Every year, just as spring migration begins, I get letters from readers who have decided to learn to identify birds by ear. “Where do I begin?” they ask.
Start with what you know. Though you may not know the names of the most-common singers, you undoubtedly have heard at least 10 species many times. That list includes cardinals, robins, phoebes, titmice, mourning doves, killdeer, Carolina wrens, crows, blue jays and chipping sparrows. To test yourself, listen to these songs at www.birds.cornell.edu by searching “bird songs.”
Assuming you’re comfortable recognizing these 10 species by ear, look for a mentor.
Learning new bird songs alone via books and recordings is difficult. Instead, attend bird walks led by local experts.
For example, nature centers and bird clubs usually schedule great outings in April and May. Tag along, stay close to the leaders, and pay attention. You can learn more about bird songs in a day with a good birder than you can in a month with books and recordings.
In reality, though, busy schedules don’t permit everyone to join group outings. In that case, recordings are widely available on CDs and a variety of Web sites.
The problem with most recordings, however, is that they are tedious and boring. A narrator simply says a bird’s name, and then you hear its song.
Recordings are great reference material, but I find them difficult to listen to for more that 10 minutes before my mind wanders.
That leads me to CD sets titled “Birding by Ear” and “More Birding by Ear” (Houghton Mifflin). There’s also a western edition for that part of the country. Each set retails for $30.
This isn’t the first time I’ve recommended these CDs, and I’m sure it won’t be the last. They are simply the best bird-song learning tool I know.
Rather that just reciting names and playing recordings of bird songs, the narrator in the “Birding by Ear” sets teaches bird songs by grouping species with similar songs together. For example, you’ll find lessons on the “name-sayers,” sing-songers” and “whistlers,” among others.
Learning bird songs doesn’t get any easier than mastering the voices of the “name-sayers.” Whip-poor-wills and chuck-will’s-widows are both nocturnal and seldom-seen woodland species, but their voices are unmistakable. To distinguish the two, you simply count syllables.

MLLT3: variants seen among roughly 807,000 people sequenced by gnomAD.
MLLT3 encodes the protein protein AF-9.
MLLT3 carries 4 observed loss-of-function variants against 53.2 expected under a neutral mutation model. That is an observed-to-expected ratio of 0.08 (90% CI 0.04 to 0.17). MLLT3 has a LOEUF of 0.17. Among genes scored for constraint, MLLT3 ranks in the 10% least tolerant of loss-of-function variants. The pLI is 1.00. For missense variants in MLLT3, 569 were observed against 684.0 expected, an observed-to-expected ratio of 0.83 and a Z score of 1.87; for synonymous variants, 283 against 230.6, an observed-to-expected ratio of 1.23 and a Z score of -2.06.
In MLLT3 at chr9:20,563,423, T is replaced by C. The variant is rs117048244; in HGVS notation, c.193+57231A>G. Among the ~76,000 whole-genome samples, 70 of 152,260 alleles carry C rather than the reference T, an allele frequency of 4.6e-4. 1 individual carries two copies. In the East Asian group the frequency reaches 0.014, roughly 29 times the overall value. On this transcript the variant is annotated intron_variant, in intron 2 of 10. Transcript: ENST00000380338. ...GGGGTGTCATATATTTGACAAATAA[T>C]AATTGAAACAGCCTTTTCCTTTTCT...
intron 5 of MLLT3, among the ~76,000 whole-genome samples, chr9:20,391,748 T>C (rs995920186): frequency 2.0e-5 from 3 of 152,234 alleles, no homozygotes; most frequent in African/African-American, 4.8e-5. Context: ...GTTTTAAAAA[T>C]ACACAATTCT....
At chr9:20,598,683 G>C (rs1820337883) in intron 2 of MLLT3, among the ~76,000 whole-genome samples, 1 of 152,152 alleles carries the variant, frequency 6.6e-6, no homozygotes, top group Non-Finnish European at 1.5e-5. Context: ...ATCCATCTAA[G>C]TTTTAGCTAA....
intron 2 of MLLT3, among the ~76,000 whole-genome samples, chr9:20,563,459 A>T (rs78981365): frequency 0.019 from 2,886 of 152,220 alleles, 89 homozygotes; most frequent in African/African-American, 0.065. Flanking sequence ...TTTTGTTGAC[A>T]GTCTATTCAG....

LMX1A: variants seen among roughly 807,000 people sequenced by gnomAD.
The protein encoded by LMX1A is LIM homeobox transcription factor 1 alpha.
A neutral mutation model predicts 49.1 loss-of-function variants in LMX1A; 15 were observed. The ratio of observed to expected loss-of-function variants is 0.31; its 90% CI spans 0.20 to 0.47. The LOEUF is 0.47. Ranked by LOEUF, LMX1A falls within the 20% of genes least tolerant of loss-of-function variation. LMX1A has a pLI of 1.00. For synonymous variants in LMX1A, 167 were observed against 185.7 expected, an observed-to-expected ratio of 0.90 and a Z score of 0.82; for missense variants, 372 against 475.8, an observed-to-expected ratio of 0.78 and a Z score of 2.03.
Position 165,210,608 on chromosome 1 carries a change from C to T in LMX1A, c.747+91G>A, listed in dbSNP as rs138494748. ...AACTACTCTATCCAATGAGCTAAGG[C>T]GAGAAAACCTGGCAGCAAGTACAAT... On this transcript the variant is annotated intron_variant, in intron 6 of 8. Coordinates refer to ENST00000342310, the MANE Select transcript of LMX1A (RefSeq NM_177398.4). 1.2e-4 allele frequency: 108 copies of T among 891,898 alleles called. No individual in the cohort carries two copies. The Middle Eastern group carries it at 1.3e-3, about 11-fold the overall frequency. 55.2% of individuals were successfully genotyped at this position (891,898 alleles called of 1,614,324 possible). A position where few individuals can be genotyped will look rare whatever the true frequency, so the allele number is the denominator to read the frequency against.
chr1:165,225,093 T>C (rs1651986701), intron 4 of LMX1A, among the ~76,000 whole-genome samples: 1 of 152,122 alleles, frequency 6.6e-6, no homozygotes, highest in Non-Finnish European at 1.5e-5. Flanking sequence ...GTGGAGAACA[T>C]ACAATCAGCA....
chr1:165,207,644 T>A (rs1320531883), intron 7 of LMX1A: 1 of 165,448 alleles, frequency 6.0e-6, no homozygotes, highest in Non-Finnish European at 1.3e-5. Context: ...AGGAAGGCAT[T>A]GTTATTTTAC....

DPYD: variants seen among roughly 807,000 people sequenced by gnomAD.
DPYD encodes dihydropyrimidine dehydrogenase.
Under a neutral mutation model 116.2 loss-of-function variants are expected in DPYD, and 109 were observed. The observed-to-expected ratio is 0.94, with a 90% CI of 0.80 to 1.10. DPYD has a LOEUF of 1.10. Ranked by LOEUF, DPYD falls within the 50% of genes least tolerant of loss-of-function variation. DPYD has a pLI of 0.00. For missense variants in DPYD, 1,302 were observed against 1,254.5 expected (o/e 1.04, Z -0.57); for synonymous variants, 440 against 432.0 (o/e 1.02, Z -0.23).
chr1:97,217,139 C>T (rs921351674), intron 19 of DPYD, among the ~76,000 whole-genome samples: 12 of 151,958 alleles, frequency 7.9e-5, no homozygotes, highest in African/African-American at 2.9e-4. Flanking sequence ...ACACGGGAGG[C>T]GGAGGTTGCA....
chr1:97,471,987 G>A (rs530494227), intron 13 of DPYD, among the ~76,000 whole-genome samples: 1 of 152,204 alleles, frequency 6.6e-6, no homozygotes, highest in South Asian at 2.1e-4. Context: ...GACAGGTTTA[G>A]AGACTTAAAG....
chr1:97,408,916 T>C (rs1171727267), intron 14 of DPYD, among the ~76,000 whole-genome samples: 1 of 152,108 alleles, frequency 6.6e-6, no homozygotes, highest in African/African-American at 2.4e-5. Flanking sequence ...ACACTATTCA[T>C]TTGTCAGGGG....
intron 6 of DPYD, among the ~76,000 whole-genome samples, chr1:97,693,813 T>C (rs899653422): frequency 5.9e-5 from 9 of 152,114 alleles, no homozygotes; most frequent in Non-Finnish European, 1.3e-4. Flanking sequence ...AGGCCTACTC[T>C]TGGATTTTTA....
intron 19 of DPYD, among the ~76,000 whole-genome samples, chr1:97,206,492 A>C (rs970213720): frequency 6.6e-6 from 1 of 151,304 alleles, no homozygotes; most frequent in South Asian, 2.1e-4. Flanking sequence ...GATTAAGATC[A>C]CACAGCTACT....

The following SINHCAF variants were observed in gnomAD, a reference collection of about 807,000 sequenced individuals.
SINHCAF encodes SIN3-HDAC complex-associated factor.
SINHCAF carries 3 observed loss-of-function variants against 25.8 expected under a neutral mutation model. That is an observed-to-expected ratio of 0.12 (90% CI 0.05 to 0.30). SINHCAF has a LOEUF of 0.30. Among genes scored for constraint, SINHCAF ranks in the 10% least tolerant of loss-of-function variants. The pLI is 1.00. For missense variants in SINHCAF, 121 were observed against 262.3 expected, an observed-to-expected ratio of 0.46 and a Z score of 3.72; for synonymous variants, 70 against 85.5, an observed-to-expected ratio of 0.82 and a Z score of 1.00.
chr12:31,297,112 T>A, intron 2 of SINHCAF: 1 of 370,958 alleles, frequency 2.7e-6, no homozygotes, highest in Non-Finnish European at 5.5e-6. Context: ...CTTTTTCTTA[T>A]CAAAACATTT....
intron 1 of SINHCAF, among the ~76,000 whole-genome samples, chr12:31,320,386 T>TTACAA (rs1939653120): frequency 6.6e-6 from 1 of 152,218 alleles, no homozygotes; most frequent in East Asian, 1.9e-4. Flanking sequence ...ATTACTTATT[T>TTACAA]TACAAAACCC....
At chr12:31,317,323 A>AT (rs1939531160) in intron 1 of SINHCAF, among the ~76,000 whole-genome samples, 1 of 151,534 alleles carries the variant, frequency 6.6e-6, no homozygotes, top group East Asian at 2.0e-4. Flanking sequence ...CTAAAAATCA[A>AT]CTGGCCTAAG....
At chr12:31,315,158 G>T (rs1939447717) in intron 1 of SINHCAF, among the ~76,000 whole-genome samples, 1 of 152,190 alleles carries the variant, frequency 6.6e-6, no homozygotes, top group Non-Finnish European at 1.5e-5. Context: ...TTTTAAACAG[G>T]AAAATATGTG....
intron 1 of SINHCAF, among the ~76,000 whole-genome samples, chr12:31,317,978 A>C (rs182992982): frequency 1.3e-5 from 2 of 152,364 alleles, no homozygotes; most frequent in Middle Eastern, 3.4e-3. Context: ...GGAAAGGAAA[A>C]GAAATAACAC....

The eastern phoebe is a nondescript flycatcher that often nests under porch roofs in rural areas. Its song is a raspy, repetitious, “fee-bee.” Phoebes returned to my backyard about 10 days ago.
The eastern wood pewee is another common, nondescript flycatcher with a distinctive voice. In deciduous woods, you’ll hear “pee-a-wee” before you ever see the bird. And you’ll easily hear how the final note slurs higher in pitch.
The “sing-songers” include the American robin, scarlet tanager and rose-breasted grosbeak. Robins are probably the most easily recognized bird in North America, thanks in large part to its habit of hunting for earthworms in backyards. Despite its familiarity, many people have never connected the bird to its loud, liquid, repetitious song. Listen for it early in the morning on the way to work and in the evening before dusk. It’s a lively song that, once learned, is difficult to ignore — “cheerily, cheer-up, cheerio.”
Arguably the most stunning bird in the eastern deciduous forest, the scarlet tanager can be surprisingly difficult to see because it usually stays high in the tree tops. Its song’s structure suggests a robin — repetitious, conversational phrases. But while a robin’s voice is clear and musical, a scarlet tanager’s tone is raspy. Many birders say the scarlet tanager’s song sounds like a robin with a sore throat.
And the rose-breasted grosbeak is another spectacular neotropical migrant whose song is often described as a “robin in a hurry.”
Though describing bird songs in words is helpful, nothing beats hearing the actual voices. So take advantage of local field trips or study the individual lessons on the “Birding by Ear” CDs. Each lesson lasts 5 to 14 minutes, so listeners never get bored. Master these lessons, and you, too, can be birding by ear this spring.
Send questions and comments to Dr. Scott Shalaway, RD 5, Cameron, WV 26033 or by e-mail via my Web site, http://scottshalaway.googlepages.com.